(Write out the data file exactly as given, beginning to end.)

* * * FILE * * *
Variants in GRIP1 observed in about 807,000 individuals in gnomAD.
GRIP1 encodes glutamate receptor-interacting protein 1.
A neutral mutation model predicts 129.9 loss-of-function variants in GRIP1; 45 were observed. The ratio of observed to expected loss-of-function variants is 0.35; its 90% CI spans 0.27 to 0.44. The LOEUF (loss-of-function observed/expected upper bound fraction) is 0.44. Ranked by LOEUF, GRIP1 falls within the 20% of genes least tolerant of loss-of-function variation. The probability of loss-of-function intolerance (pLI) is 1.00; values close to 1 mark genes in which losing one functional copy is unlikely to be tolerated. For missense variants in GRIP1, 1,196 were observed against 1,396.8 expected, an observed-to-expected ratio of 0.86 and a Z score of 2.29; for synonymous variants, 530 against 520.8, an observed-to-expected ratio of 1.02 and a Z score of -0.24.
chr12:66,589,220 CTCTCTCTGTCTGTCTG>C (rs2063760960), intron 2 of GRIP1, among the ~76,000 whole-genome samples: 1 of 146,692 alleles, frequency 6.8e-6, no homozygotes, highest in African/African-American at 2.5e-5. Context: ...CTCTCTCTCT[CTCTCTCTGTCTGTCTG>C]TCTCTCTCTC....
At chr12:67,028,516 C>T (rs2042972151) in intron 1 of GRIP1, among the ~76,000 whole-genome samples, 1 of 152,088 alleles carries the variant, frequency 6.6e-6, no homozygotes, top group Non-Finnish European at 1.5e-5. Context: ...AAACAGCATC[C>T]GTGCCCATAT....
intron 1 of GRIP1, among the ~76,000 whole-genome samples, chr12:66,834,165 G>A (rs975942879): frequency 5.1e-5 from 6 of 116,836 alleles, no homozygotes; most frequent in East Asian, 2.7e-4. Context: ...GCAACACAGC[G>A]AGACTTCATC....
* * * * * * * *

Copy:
Variants in GRIP1 observed in about 807,000 individuals in gnomAD.
GRIP1 encodes glutamate receptor-interacting protein 1.
A neutral mutation model predicts 129.9 loss-of-function variants in GRIP1; 45 were observed. The ratio of observed to expected loss-of-function variants is 0.35; its 90% CI spans 0.27 to 0.44. The LOEUF (loss-of-function observed/expected upper bound fraction) is 0.44. Ranked by LOEUF, GRIP1 falls within the 20% of genes least tolerant of loss-of-function variation. The probability of loss-of-function intolerance (pLI) is 1.00; values close to 1 mark genes in which losing one functional copy is unlikely to be tolerated. For missense variants in GRIP1, 1,196 were observed against 1,396.8 expected, an observed-to-expected ratio of 0.86 and a Z score of 2.29; for synonymous variants, 530 against 520.8, an observed-to-expected ratio of 1.02 and a Z score of -0.24.
chr12:66,589,220 CTCTCTCTGTCTGTCTG>C (rs2063760960), intron 2 of GRIP1, among the ~76,000 whole-genome samples: 1 of 146,692 alleles, frequency 6.8e-6, no homozygotes, highest in African/African-American at 2.5e-5. Context: ...CTCTCTCTCT[CTCTCTCTGTCTGTCTG>C]TCTCTCTCTC....
At chr12:67,028,516 C>T (rs2042972151) in intron 1 of GRIP1, among the ~76,000 whole-genome samples, 1 of 152,088 alleles carries the variant, frequency 6.6e-6, no homozygotes, top group Non-Finnish European at 1.5e-5. Context: ...AAACAGCATC[C>T]GTGCCCATAT....
intron 1 of GRIP1, among the ~76,000 whole-genome samples, chr12:66,834,165 G>A (rs975942879): frequency 5.1e-5 from 6 of 116,836 alleles, no homozygotes; most frequent in East Asian, 2.7e-4. Context: ...GCAACACAGC[G>A]AGACTTCATC....